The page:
School board filing begins

When you head out to vote this fall, you will be deciding who should set the budget for your local schools and lay out plans to deal with future enrollment growth.

In addition to the races for president, governor, senate and other local races, your ballot will also include school board races.

Five of the six school districts in Johnson County will have school board seats on this year’s ballot. Voters in Clark-Pleasant schools will not have any school board seats on their ballot.

School board races often draw a lot of interest from voters and candidates who want to run, clerk Susie Misiniec said.

“People become passionate when it involves their children and how they are being educated, and what is being done and how the money in their school corporation is being spent,” she said.

But this year, those races will be competing with several other high-profile races, including president and governor, she said.

Filing began this week for the school board seats up for election this year. As of Thursday afternoon, only one candidate, Kristine Ott, had filed for re-election to her seat representing the city of Franklin on the Franklin school board, according to the county voter registration office.

But several other residents have said they are interested in running for election to school boards, Misiniec said.

School members set the budget for their school district and figure out how to afford all their expenses and debt, hire and evaluate the superintendent, plan for future growth in enrollment and set the mission and strategic plan for their schools.

If a school district needs to redistrict, like Center Grove and Clark-Pleasant recently did, school board members approve the plans for which school children will attend.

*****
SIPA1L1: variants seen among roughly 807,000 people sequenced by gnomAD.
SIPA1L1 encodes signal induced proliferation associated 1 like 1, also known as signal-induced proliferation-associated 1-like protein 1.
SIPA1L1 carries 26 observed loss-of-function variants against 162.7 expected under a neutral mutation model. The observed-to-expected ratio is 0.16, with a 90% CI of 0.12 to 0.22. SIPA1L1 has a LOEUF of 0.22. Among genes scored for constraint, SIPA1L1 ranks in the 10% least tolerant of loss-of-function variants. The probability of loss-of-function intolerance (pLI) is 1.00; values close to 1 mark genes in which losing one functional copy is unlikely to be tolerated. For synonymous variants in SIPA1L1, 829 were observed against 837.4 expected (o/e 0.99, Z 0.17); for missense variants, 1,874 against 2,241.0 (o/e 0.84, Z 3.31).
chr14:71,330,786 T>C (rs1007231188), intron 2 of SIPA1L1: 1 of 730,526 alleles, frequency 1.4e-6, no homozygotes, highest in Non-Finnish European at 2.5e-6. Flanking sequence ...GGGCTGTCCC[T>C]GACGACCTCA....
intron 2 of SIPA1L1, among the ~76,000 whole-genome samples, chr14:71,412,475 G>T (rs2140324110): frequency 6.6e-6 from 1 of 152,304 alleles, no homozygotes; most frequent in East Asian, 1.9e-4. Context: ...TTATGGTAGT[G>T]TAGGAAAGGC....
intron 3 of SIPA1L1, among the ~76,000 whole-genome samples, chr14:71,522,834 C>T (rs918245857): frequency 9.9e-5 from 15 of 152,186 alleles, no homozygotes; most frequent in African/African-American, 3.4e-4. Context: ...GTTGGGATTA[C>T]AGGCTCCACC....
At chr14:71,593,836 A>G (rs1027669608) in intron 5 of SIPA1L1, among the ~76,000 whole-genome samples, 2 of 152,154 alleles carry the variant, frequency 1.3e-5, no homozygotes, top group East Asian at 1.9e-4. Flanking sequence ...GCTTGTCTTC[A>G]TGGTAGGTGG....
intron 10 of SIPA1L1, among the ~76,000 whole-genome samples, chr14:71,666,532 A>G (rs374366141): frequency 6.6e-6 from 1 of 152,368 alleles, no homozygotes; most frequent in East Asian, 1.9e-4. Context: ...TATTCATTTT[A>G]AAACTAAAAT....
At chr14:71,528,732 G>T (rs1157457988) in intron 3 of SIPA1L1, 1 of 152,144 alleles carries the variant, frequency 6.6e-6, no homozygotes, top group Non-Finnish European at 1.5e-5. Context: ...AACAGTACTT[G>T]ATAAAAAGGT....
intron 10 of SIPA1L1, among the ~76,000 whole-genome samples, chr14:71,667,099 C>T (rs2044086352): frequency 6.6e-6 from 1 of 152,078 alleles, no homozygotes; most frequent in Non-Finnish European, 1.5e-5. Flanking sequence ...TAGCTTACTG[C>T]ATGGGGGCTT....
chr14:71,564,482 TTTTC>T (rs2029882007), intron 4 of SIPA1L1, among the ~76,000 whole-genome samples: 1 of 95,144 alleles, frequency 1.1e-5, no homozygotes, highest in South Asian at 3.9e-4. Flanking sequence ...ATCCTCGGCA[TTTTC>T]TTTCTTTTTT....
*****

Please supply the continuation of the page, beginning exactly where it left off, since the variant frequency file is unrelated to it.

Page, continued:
The board also is in charge of approving building projects, such as the new Indian Creek Elementary School, the $10 million Center Grove student activity center or the new Greenwood Middle School.

And often, more voters and candidates will be interested in school board races after a big decision was made, Misiniec said. For example, when Nineveh-Hensley-Jackson schools’ proposal for a multimillion building project was turned down by voters in 2009, five candidates ran for open seats on the board a couple years later.

“Issues like that drive people to run and vote,” she said.

Whether that will happen with any school board races this year is yet to be seen. Candidates can file to run for school board through Aug. 26.

At a glance

Here is a look at the school board seats on the ballot this fall:

Center Grove

2 at-large seats




2 at-large seats


1 seat that represent Franklin Township

2 seats that represent the city of Franklin


District 1 seat

District 3 seat


2 at-large seats

1 seat that represents Nineveh Township

Author photo
Annie Goeller is managing editor of the Daily Journal. She can be reached at or 317-736-2718.